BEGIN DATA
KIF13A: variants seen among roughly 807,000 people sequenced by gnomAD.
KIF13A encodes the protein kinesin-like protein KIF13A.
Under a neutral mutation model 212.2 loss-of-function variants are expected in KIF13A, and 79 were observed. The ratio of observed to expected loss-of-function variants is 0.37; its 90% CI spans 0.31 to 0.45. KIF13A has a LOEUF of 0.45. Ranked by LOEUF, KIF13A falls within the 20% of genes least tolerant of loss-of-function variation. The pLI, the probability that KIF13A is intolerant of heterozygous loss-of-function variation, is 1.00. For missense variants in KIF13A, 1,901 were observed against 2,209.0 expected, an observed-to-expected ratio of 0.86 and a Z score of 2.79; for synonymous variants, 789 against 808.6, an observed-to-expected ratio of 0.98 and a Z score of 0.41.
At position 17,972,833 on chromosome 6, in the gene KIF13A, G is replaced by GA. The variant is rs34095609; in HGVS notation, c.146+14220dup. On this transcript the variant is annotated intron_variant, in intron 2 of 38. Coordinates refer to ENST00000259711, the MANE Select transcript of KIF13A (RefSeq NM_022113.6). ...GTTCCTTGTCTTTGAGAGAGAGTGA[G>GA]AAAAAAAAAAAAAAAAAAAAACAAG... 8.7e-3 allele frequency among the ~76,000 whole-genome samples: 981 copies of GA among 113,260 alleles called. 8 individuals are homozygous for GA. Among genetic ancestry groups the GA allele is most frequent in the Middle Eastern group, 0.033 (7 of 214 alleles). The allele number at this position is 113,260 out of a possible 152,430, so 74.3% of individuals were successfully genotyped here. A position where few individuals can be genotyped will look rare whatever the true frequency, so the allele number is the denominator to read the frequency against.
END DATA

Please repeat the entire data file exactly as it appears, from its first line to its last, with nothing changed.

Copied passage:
KIF13A: variants seen among roughly 807,000 people sequenced by gnomAD.
KIF13A encodes the protein kinesin-like protein KIF13A.
Under a neutral mutation model 212.2 loss-of-function variants are expected in KIF13A, and 79 were observed. The ratio of observed to expected loss-of-function variants is 0.37; its 90% CI spans 0.31 to 0.45. KIF13A has a LOEUF of 0.45. Ranked by LOEUF, KIF13A falls within the 20% of genes least tolerant of loss-of-function variation. The pLI, the probability that KIF13A is intolerant of heterozygous loss-of-function variation, is 1.00. For missense variants in KIF13A, 1,901 were observed against 2,209.0 expected, an observed-to-expected ratio of 0.86 and a Z score of 2.79; for synonymous variants, 789 against 808.6, an observed-to-expected ratio of 0.98 and a Z score of 0.41.
At position 17,972,833 on chromosome 6, in the gene KIF13A, G is replaced by GA. The variant is rs34095609; in HGVS notation, c.146+14220dup. On this transcript the variant is annotated intron_variant, in intron 2 of 38. Coordinates refer to ENST00000259711, the MANE Select transcript of KIF13A (RefSeq NM_022113.6). ...GTTCCTTGTCTTTGAGAGAGAGTGA[G>GA]AAAAAAAAAAAAAAAAAAAAACAAG... 8.7e-3 allele frequency among the ~76,000 whole-genome samples: 981 copies of GA among 113,260 alleles called. 8 individuals are homozygous for GA. Among genetic ancestry groups the GA allele is most frequent in the Middle Eastern group, 0.033 (7 of 214 alleles). The allele number at this position is 113,260 out of a possible 152,430, so 74.3% of individuals were successfully genotyped here. A position where few individuals can be genotyped will look rare whatever the true frequency, so the allele number is the denominator to read the frequency against.